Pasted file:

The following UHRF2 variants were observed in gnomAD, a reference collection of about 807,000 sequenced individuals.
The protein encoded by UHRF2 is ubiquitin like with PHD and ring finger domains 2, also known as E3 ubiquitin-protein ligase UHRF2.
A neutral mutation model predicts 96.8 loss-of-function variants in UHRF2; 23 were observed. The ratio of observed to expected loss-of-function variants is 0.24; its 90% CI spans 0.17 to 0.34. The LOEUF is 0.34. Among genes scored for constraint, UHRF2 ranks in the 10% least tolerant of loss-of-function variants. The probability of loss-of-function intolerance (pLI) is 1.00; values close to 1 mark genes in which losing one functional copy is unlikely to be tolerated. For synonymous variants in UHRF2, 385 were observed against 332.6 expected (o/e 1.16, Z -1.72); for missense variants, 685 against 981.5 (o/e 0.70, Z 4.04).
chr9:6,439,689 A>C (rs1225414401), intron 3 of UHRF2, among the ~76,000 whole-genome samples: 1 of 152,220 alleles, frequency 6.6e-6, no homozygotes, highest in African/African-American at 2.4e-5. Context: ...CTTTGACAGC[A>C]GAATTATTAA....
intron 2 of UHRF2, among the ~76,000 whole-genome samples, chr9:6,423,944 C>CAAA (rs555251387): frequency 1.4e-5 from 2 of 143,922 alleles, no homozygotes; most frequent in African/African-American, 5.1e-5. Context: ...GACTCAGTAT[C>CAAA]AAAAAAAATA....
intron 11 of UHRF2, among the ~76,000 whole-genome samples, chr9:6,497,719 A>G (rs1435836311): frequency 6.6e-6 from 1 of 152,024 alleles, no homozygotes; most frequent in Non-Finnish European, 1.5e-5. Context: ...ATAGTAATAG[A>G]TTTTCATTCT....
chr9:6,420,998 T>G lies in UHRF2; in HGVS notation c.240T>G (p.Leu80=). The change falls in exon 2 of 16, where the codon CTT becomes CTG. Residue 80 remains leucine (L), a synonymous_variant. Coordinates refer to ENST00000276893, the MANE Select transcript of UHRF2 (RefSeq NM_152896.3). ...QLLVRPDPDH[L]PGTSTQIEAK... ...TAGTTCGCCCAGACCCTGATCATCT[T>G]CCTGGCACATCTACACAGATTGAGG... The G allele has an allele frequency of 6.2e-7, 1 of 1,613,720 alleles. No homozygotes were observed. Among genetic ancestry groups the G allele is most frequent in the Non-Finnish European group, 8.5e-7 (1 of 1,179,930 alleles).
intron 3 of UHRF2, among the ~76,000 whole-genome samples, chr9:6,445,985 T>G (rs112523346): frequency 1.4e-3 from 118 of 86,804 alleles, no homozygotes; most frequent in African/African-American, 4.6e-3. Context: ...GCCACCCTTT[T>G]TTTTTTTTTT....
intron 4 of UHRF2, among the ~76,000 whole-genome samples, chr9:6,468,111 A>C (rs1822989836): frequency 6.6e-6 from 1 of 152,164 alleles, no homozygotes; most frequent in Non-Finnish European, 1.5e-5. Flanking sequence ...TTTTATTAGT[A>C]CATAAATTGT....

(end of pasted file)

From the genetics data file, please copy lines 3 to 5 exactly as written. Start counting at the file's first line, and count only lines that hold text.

A neutral mutation model predicts 96.8 loss-of-function variants in UHRF2; 23 were observed. The ratio of observed to expected loss-of-function variants is 0.24; its 90% CI spans 0.17 to 0.34. The LOEUF is 0.34. Among genes scored for constraint, UHRF2 ranks in the 10% least tolerant of loss-of-function variants. The probability of loss-of-function intolerance (pLI) is 1.00; values close to 1 mark genes in which losing one functional copy is unlikely to be tolerated. For synonymous variants in UHRF2, 385 were observed against 332.6 expected (o/e 1.16, Z -1.72); for missense variants, 685 against 981.5 (o/e 0.70, Z 4.04).
chr9:6,439,689 A>C (rs1225414401), intron 3 of UHRF2, among the ~76,000 whole-genome samples: 1 of 152,220 alleles, frequency 6.6e-6, no homozygotes, highest in African/African-American at 2.4e-5. Context: ...CTTTGACAGC[A>C]GAATTATTAA....
intron 2 of UHRF2, among the ~76,000 whole-genome samples, chr9:6,423,944 C>CAAA (rs555251387): frequency 1.4e-5 from 2 of 143,922 alleles, no homozygotes; most frequent in African/African-American, 5.1e-5. Context: ...GACTCAGTAT[C>CAAA]AAAAAAAATA....